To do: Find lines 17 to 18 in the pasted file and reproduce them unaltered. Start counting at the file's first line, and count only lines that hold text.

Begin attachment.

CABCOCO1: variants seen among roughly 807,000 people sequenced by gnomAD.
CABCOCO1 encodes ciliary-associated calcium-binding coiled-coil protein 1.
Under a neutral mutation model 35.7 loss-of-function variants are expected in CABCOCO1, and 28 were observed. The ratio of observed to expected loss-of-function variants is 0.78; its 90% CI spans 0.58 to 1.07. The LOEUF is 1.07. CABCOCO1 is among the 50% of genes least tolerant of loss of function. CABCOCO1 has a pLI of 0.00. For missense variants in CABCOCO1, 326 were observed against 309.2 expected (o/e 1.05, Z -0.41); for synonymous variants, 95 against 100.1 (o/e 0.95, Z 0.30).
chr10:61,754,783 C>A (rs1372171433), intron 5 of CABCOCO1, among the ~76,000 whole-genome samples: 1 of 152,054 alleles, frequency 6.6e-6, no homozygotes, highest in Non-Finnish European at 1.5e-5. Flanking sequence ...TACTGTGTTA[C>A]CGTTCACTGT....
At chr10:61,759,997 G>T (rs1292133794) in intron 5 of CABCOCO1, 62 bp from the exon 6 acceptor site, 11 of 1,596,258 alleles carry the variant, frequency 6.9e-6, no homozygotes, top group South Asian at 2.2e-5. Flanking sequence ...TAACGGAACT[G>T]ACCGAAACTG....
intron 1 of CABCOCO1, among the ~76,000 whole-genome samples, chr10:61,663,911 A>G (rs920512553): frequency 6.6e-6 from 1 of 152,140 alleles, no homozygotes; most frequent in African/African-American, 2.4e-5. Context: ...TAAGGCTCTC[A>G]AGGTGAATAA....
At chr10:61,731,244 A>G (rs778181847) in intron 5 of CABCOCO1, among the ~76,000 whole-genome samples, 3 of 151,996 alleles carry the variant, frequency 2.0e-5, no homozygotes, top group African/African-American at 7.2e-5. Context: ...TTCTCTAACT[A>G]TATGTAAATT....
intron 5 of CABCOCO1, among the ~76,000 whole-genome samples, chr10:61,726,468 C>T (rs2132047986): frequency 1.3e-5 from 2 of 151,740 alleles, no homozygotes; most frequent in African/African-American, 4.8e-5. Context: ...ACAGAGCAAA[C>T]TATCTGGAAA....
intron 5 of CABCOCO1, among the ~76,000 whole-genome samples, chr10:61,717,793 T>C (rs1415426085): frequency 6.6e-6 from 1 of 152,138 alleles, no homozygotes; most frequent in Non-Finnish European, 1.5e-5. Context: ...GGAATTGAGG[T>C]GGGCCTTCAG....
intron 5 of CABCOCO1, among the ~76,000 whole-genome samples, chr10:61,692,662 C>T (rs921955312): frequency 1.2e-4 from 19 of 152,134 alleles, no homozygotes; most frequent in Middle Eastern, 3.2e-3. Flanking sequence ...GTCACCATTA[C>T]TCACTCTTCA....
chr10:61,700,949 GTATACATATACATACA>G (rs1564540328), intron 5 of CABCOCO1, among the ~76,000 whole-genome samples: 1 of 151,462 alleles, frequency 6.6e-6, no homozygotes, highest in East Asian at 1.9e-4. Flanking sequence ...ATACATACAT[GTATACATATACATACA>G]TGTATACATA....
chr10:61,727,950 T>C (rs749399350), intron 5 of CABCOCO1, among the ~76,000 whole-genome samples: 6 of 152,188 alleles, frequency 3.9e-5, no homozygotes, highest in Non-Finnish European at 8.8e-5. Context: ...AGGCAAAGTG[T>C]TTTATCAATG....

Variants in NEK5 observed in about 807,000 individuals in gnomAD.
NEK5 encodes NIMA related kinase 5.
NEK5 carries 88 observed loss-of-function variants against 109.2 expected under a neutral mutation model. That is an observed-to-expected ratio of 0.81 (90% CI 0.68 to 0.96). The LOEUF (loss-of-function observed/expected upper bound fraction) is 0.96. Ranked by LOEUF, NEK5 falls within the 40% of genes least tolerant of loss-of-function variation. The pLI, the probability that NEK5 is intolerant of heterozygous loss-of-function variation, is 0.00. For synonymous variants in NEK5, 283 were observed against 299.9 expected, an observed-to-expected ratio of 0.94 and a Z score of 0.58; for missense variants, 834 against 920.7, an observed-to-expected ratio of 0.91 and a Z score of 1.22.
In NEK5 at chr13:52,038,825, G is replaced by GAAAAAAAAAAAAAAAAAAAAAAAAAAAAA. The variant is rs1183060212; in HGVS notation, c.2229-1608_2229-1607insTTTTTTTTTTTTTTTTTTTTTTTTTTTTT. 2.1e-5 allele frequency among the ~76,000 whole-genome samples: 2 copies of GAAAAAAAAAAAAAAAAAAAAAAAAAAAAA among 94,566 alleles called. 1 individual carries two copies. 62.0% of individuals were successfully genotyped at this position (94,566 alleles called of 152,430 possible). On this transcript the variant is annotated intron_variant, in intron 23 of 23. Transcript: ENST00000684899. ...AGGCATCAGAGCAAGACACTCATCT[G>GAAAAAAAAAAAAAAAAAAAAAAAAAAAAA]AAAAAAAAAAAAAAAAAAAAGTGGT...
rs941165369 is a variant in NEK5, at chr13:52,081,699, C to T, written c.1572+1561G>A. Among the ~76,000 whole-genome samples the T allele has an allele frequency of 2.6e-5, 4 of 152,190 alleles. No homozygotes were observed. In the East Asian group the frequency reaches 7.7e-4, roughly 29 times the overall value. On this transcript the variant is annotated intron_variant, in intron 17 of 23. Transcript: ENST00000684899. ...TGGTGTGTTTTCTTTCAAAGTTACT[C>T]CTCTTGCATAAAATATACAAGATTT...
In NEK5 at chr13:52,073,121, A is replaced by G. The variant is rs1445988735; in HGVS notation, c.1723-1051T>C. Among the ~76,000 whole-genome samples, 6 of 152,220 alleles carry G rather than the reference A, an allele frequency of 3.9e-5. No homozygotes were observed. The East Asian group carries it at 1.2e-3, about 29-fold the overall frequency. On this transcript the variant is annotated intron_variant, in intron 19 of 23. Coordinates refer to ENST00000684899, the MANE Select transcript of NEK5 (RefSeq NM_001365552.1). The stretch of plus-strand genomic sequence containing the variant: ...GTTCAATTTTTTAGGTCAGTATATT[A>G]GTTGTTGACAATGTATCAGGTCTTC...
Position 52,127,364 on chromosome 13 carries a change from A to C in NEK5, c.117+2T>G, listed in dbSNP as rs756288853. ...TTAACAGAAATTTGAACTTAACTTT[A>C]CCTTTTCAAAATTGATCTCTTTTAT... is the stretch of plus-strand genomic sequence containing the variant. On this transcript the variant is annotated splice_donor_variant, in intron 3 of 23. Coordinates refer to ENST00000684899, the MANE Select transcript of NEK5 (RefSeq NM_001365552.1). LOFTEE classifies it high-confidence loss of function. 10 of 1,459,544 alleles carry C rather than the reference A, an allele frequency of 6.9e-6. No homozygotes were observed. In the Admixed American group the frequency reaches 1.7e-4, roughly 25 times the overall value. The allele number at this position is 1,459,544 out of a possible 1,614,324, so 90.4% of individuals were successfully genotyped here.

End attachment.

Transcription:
rs941165369 is a variant in NEK5, at chr13:52,081,699, C to T, written c.1572+1561G>A. Among the ~76,000 whole-genome samples the T allele has an allele frequency of 2.6e-5, 4 of 152,190 alleles. No homozygotes were observed. In the East Asian group the frequency reaches 7.7e-4, roughly 29 times the overall value. On this transcript the variant is annotated intron_variant, in intron 17 of 23. Transcript: ENST00000684899. ...TGGTGTGTTTTCTTTCAAAGTTACT[C>T]CTCTTGCATAAAATATACAAGATTT...
In NEK5 at chr13:52,073,121, A is replaced by G. The variant is rs1445988735; in HGVS notation, c.1723-1051T>C. Among the ~76,000 whole-genome samples, 6 of 152,220 alleles carry G rather than the reference A, an allele frequency of 3.9e-5. No homozygotes were observed. The East Asian group carries it at 1.2e-3, about 29-fold the overall frequency. On this transcript the variant is annotated intron_variant, in intron 19 of 23. Coordinates refer to ENST00000684899, the MANE Select transcript of NEK5 (RefSeq NM_001365552.1). The stretch of plus-strand genomic sequence containing the variant: ...GTTCAATTTTTTAGGTCAGTATATT[A>G]GTTGTTGACAATGTATCAGGTCTTC...